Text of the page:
— The Food Stamp program began, with the goal of eliminating malnutrition, especially in children (sure, lot’s of money has been wasted and the program has been mismanaged, but LBJ deserves considerable credit for recognizing a national problem and coming up with a possible solution, flawed as the ultimate outcome might have been).
— The Higher Education Act, massively increasing aid to colleges was passed (which is one of the reasons this nation continues to be the global citadel of higher education — in other words because we spend on education like a Socialist nation — let’s be frank here and give the S-word some props).
— The Teacher Act was enacted, providing incentives for good teachers to go to zones where they were desperately needed (one reason why good teachers still teach in inner-cities and impoverished rural areas is because of incentives contained in this legislation).
— The National Endowment for the Arts and National Endowment for the Humanities was created, supporting art and culture.
— The Public Broadcasting Television (PBS) was created, the first non-commercial national television network (if you like watching all the great shows on PBS, thank Lyndon Johnson).
— Federal museums and institutions were built and expanded – including the Kennedy Center for the Performing Arts and the Smithsonian.
— The Urban Mass Transit Act was passed, which provided federal matching funds for large-scale rail projects.
— The Motor Vehicle Safety Act was passed (in 1966), creating safer cars and roadways.
— The Fair Packaging and Safety Act was enacted, giving consumers knowledge of what was inside food products for the first time.
— The Wholesome Meat Act was passed, applying stricter federal standards to meat inspection.
— The Truth-in-Lending Act was signed (in 1968), requiring banks to disclose their fees, interest rates, and finance charges (the banks were violently opposed to this back then, showing that not much has changed).
— Numerous pro-environmental laws were passed, including The Wilderness Act, the Endangered Species Preservation Act, the Solid Waste Disposal Act, the Motor Vehicle Air Pollution Control Act, and other vital legislation, creating federal standards and controls on air and water (President Nixon would later enact a phase two of this agenda. Even Nixon saw the light of day on this issue, in contrast to many of today’s anti-environment Conservatives).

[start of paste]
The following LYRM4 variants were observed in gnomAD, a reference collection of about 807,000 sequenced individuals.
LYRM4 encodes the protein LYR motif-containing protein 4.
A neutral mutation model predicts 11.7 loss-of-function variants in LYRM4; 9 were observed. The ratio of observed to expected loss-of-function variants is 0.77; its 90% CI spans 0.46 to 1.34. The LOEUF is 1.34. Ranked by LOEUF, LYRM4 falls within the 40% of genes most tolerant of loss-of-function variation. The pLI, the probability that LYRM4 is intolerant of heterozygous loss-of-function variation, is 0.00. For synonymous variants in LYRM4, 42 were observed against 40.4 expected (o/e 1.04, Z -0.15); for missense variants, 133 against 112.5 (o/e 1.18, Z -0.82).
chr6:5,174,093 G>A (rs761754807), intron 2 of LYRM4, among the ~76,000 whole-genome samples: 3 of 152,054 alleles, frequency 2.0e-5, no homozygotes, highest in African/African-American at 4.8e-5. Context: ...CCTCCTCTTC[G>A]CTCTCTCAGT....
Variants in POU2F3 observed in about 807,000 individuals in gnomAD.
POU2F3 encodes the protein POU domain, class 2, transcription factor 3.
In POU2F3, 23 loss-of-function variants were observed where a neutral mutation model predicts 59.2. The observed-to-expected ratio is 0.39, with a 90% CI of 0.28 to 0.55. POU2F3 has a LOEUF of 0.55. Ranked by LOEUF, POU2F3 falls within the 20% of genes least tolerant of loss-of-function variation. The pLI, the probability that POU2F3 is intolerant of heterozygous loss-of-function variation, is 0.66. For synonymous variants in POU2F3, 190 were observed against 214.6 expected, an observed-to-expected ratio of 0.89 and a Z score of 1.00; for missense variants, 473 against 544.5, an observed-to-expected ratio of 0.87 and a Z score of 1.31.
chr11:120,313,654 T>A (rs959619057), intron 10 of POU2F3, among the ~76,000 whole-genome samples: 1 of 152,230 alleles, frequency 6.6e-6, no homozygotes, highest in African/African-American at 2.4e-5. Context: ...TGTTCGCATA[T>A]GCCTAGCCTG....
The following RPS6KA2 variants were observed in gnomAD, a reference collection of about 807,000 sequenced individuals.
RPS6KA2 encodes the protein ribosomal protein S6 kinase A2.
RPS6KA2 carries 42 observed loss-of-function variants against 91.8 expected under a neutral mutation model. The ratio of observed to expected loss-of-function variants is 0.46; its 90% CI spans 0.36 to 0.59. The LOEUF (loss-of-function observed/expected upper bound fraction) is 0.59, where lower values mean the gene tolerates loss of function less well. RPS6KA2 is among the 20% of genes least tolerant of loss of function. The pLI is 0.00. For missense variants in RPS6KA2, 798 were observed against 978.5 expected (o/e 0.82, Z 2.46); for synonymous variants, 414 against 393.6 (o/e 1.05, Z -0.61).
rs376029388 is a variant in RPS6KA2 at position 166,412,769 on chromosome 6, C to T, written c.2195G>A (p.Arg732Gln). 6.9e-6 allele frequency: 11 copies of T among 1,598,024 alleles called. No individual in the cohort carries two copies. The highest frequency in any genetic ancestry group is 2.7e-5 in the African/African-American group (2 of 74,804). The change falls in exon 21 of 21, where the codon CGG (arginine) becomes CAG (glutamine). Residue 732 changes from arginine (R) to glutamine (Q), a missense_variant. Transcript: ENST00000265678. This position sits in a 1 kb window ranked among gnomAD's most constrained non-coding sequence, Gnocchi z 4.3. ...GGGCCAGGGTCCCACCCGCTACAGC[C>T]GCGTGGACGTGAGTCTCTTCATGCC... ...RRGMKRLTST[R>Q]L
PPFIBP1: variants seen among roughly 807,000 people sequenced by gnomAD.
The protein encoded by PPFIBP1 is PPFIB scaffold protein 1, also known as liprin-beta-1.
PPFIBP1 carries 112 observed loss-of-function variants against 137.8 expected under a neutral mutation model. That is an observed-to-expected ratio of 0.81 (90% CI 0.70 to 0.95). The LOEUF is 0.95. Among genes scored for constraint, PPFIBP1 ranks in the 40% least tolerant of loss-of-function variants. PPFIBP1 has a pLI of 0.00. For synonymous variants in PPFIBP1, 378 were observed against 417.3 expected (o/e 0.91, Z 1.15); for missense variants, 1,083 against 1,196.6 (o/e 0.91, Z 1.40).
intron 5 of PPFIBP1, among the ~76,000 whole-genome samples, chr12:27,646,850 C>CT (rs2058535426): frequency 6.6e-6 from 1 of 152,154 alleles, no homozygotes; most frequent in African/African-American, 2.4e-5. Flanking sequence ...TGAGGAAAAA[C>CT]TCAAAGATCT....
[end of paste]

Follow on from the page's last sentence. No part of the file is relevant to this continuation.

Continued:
— The Federal Minimum Wage was increased multiple times (so much for the nonsense that raising the minimum wage kills jobs — since the unemployment rate actually declined from Nov. 1963 to Jan. 1969, the period during which LBJ held office — from 5.7 percent to 3.4 percent).
SOURCE: CLICK HERE
LBJ was a flawed man and his presidency deserves a mixed grade, to be sure. His hawkish nature and willingness to engage in the Vietnamese Civil War (I refuse to call it the “Vietnam War,” as the actual conflict was nothing more than a civil war in a sovereign nation) remains a baffling decision that derailed his ability to later lead and inspire on subsequent policies related to The Great Society.
Even now, half a century later, LBJ is treated unkindly by historians – put off by his personal abrasiveness and utter lack of charisma. Too bad that most historians are still hopelessly under the spell of the President Kennedy myth, arguably the most overrated president in history. Translation: Kennedy did virtually nothing in terms of advancing progressive policies. LBJ did virtually everything. Or, at least attempted to. And trying is everything.
Yes indeed, the blueprint for change was there and it was clear. All President Obama had to do was look back on the proven 1964 game plan and use his considerable national popularity and undeniable skills in communication to sell a new domestic agenda to the American people. After all, if LBJ could sell his Great Society program to mainstream America with his obvious albatrosses in style and personality, imagine what great communicator President Obama with all the charm and magnetism could do if he was so determined. The potential was revolutionary.
Instead, what a tremendous disappointment these last four years have turned out to be.
President Obama has been a failure not because he has been one of us — which means being a liberal. His presidency has been a crushing disappointment, because — the fact of the matter is — he has been one of them.
One thing’s for sure: He’s no LBJ.